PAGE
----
In its 2016 Guide to Retirement, J.P. Morgan Asset Management included a powerful illustration of how compounding returns lead to huge differences between investors who start out young and those who wait until later in their careers before seriously saving.
JPMorgan shows outcomes for four hypothetical investors who invest $10,000 a year at a 6.5% annual rate of return over different periods of their lives:
- Chloe invests for her entire working life, from 25 to 65.
- Lyla starts 10 years later, investing from 35 to 65.
- Quincy puts money away for only 10 years at the start of his career, from ages 25 to 35.
- Noah saves from 25 to 65 like Chloe, but instead of being moderately aggressive with his investments he simply holds cash at a 2.25% annual return.
The differences are remarkable: Chloe, who invested over her entire career, ends up retiring with nearly $1.9 million. Lyla, who started just 10 years later, has only about half of that, at $919,892.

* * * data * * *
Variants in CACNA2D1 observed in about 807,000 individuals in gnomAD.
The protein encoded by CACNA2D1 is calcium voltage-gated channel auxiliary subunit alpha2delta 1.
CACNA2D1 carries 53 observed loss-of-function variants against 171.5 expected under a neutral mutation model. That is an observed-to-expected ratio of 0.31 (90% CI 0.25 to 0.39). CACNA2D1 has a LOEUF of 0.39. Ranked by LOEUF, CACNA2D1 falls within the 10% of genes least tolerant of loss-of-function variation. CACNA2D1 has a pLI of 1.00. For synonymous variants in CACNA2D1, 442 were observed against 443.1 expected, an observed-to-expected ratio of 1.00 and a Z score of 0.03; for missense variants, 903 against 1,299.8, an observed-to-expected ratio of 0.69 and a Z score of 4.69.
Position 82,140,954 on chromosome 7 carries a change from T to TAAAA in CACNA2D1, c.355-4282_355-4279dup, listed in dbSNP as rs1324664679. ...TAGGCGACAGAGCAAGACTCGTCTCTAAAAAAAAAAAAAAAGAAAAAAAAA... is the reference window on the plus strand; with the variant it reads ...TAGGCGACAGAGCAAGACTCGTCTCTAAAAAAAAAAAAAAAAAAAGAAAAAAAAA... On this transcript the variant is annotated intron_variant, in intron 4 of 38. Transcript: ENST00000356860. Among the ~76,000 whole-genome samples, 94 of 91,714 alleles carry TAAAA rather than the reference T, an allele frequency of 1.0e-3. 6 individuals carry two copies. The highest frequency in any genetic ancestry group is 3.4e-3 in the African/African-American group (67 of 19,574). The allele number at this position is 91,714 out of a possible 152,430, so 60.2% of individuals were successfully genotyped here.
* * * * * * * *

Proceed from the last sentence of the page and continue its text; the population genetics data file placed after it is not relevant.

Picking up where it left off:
Astonishingly, Quincy, who invested only from ages 25 to 35, ends up with $950,588, slightly more money than Lyla, who invested for 30 years. This is how important early compounding is to investing.
Noah, who had a much lower rate of return than the other three investors, ended up with the lowest total, $652,214.
Now, as the fine print shows at the bottom of the chart, this is basically just a thought experiment and not a real investment plan.
But it does show the power of exponential compounding: The earlier you start investing, the earlier you start getting returns on your investments.
And then if you reinvest those returns, you wind up getting returns on those returns, and so on.
So the sooner you can start investing for retirement, the better.